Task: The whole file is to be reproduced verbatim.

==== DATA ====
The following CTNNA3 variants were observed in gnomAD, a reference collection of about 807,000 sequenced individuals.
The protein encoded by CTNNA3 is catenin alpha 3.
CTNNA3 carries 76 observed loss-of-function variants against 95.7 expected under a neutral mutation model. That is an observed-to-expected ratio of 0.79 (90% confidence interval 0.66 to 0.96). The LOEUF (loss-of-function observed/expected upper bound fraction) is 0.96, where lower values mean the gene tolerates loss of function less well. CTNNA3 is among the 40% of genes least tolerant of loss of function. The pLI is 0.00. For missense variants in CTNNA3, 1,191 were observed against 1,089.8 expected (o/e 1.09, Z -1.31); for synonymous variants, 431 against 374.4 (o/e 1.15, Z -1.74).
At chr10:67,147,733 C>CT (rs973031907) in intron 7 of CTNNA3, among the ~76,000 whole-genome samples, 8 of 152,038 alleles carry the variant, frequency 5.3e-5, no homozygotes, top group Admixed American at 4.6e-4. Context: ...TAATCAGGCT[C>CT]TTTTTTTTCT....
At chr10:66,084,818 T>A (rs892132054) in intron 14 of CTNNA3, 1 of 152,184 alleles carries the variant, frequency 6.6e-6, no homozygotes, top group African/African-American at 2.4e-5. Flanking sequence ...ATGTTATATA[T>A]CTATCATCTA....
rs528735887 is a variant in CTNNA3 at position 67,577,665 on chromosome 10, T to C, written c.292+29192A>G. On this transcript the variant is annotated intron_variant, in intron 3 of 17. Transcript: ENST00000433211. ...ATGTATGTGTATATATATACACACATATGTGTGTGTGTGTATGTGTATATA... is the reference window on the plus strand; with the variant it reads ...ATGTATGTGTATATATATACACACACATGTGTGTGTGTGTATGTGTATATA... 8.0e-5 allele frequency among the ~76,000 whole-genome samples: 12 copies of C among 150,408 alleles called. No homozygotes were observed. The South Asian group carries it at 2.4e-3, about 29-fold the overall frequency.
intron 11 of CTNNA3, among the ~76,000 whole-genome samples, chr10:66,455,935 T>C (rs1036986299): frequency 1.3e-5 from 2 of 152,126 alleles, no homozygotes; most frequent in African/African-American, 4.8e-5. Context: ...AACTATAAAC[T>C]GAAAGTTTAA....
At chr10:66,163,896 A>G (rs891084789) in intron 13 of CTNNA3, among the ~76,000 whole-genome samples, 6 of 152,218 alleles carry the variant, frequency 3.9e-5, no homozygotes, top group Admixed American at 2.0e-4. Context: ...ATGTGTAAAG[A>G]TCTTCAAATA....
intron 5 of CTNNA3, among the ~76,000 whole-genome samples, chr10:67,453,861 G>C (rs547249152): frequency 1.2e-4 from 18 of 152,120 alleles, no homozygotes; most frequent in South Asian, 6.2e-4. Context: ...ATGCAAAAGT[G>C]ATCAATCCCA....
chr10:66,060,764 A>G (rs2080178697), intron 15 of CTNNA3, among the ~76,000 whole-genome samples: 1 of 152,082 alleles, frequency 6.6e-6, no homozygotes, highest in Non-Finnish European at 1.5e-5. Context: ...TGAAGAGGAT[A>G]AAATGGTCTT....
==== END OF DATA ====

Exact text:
The following CTNNA3 variants were observed in gnomAD, a reference collection of about 807,000 sequenced individuals.
The protein encoded by CTNNA3 is catenin alpha 3.
CTNNA3 carries 76 observed loss-of-function variants against 95.7 expected under a neutral mutation model. That is an observed-to-expected ratio of 0.79 (90% confidence interval 0.66 to 0.96). The LOEUF (loss-of-function observed/expected upper bound fraction) is 0.96, where lower values mean the gene tolerates loss of function less well. CTNNA3 is among the 40% of genes least tolerant of loss of function. The pLI is 0.00. For missense variants in CTNNA3, 1,191 were observed against 1,089.8 expected (o/e 1.09, Z -1.31); for synonymous variants, 431 against 374.4 (o/e 1.15, Z -1.74).
At chr10:67,147,733 C>CT (rs973031907) in intron 7 of CTNNA3, among the ~76,000 whole-genome samples, 8 of 152,038 alleles carry the variant, frequency 5.3e-5, no homozygotes, top group Admixed American at 4.6e-4. Context: ...TAATCAGGCT[C>CT]TTTTTTTTCT....
At chr10:66,084,818 T>A (rs892132054) in intron 14 of CTNNA3, 1 of 152,184 alleles carries the variant, frequency 6.6e-6, no homozygotes, top group African/African-American at 2.4e-5. Flanking sequence ...ATGTTATATA[T>A]CTATCATCTA....
rs528735887 is a variant in CTNNA3 at position 67,577,665 on chromosome 10, T to C, written c.292+29192A>G. On this transcript the variant is annotated intron_variant, in intron 3 of 17. Transcript: ENST00000433211. ...ATGTATGTGTATATATATACACACATATGTGTGTGTGTGTATGTGTATATA... is the reference window on the plus strand; with the variant it reads ...ATGTATGTGTATATATATACACACACATGTGTGTGTGTGTATGTGTATATA... 8.0e-5 allele frequency among the ~76,000 whole-genome samples: 12 copies of C among 150,408 alleles called. No homozygotes were observed. The South Asian group carries it at 2.4e-3, about 29-fold the overall frequency.
intron 11 of CTNNA3, among the ~76,000 whole-genome samples, chr10:66,455,935 T>C (rs1036986299): frequency 1.3e-5 from 2 of 152,126 alleles, no homozygotes; most frequent in African/African-American, 4.8e-5. Context: ...AACTATAAAC[T>C]GAAAGTTTAA....
At chr10:66,163,896 A>G (rs891084789) in intron 13 of CTNNA3, among the ~76,000 whole-genome samples, 6 of 152,218 alleles carry the variant, frequency 3.9e-5, no homozygotes, top group Admixed American at 2.0e-4. Context: ...ATGTGTAAAG[A>G]TCTTCAAATA....
intron 5 of CTNNA3, among the ~76,000 whole-genome samples, chr10:67,453,861 G>C (rs547249152): frequency 1.2e-4 from 18 of 152,120 alleles, no homozygotes; most frequent in South Asian, 6.2e-4. Context: ...ATGCAAAAGT[G>C]ATCAATCCCA....
chr10:66,060,764 A>G (rs2080178697), intron 15 of CTNNA3, among the ~76,000 whole-genome samples: 1 of 152,082 alleles, frequency 6.6e-6, no homozygotes, highest in Non-Finnish European at 1.5e-5. Context: ...TGAAGAGGAT[A>G]AAATGGTCTT....